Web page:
Ten years ago, 32-year-old single mother Musangu Kandanda had already begun breastfeeding her first child when she learned she was HIV-positive. After confirming through HIV testing that Musangu’s daughter had also acquired the virus, the Lubosi Health Center in Lukulu district where they lived initiated them both on antiretroviral treatment (ART).

Musangu had missed several of her antenatal doctor’s appointments that may have detected the virus sooner or even helped prevent her and her daughter’s HIV diagnosis. Unfortunately, following up with patients about their missed appointments was a common gap for many already overburdened health facilities at the time.

With support from the U.S. President’s Emergency Plan for AIDS Relief (PEPFAR) through the Centers for Disease Control and Prevention (CDC), ICAP in Zambia is mentoring health care workers and community-based volunteers to ensure that mother-infant pairs like Musangu and her daughter have access to the lifesaving HIV prevention, care, and treatment services they need.

At Lubosi, health staff and community workers are being mentored by ICAP on early infant diagnosis (EID), antiretroviral pediatric regimens, viral load monitoring, and national HIV guidelines to improve mother-infant pair follow-up and quality of care. In collaboration with ICAP, Lubosi developed an EID tracking system, for example. Once a mother is identified as HIV-positive, she is placed in an antenatal register and is seen every three months for viral load testing and ART refill, which continues until she delivers her child. After delivery, the mother-infant pair is transferred into a different appointment registry, which sends the mother reminders of their shared appointment times, sent either via phone or via a community-based volunteer in-person.

“This robust process of tracking mother-infant pairs has helped the facility to ensure that every child is now re-tested for HIV at the recommended intervals, ensuring adherence to national guidelines,” said Tafadzwa Dzinamarira, MSc, MPH, PhD, country director of ICAP in Zambia. “Personalized follow-up is key. Mothers choose their preferred method, whether it’s phone calls or in-person visits, for timely care that fits their needs.”

A mother and child enter a health facility supported by ICAP in Zambia to receive care.

In addition to providing training on follow-up care, ICAP has also trained Lubosi community-based volunteers on establishing support groups for mothers living with HIV. Mentor mothers – or mothers living with HIV who help support pregnant women who are also living with HIV in such areas as breastfeeding and ART adherence – conduct these support groups to give women space to discuss concerns around their health, such as disclosing their HIV status, stigma they face in their communities, or difficulties in ART adherence.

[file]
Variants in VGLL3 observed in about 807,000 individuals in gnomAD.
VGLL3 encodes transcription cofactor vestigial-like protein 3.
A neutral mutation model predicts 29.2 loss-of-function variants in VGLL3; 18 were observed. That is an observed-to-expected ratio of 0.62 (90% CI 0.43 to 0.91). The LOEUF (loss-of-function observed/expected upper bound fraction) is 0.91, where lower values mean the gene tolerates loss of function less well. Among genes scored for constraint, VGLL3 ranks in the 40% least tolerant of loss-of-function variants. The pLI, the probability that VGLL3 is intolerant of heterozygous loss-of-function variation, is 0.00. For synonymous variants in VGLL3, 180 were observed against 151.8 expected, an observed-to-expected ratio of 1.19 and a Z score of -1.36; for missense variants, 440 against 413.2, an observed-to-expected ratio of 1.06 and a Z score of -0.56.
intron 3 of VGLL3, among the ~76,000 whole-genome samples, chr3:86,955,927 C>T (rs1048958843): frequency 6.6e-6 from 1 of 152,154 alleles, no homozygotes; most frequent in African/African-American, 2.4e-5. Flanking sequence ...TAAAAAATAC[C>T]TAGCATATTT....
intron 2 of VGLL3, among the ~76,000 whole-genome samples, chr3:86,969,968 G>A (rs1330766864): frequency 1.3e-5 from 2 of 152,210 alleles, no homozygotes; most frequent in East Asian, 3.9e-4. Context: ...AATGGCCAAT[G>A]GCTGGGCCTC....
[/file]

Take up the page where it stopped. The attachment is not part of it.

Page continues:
“Creating a safe space for open communication and shared experiences is crucial for building trust and ensuring high-quality care,” added Dzinamarira.

Currently, nearly 1,000 women living with HIV receive health services at Lubosi, including Musangu. For her and her daughter, the recent health facility improvements in follow-up care have changed her life dramatically – she is now the mother of three, and her two younger children were both born HIV-negative. In fact, in 2022, none of the 104 children who were exposed to HIV by their mothers during pregnancy or breastfeeding were diagnosed HIV-positive.

“At first, she used to get sick, and we were in and out of the hospital,” said Musangu, referring to her oldest daughter, who is HIV-positive, “but now she has been put on treatment. She started taking the drugs, and, though it was hard, she got used to it. Now she’s even going to school. She’s very healthy and very brave. I’m happy for that.”

ICAP in Zambia supports 678 health facilities across two provinces of the country, all of which provide prevention of mother-to-child transmission (PMTCT) of HIV services. In total, 1,228 health staff and community-based volunteers have been trained on improvement of PMTCT services.

Photos by Artur Francisco for ICAP

About ICAP

A major global health organization that has been improving public health in countries around the world for two decades, ICAP works to transform the health of populations through innovation, science, and global collaboration. Based at Columbia Mailman School of Public Health, ICAP has projects in more than 40 countries, working side-by-side with ministries of health and local governmental, non-governmental, academic, and community partners to confront some of the world’s greatest health challenges. Through evidence-informed programs, meaningful research, tailored technical assistance, effective training and education programs, and rigorous surveillance to measure and evaluate the impact of public health interventions, ICAP aims to realize a global vision of healthy people, empowered communities, and thriving societies. Online at icap.columbia.edu

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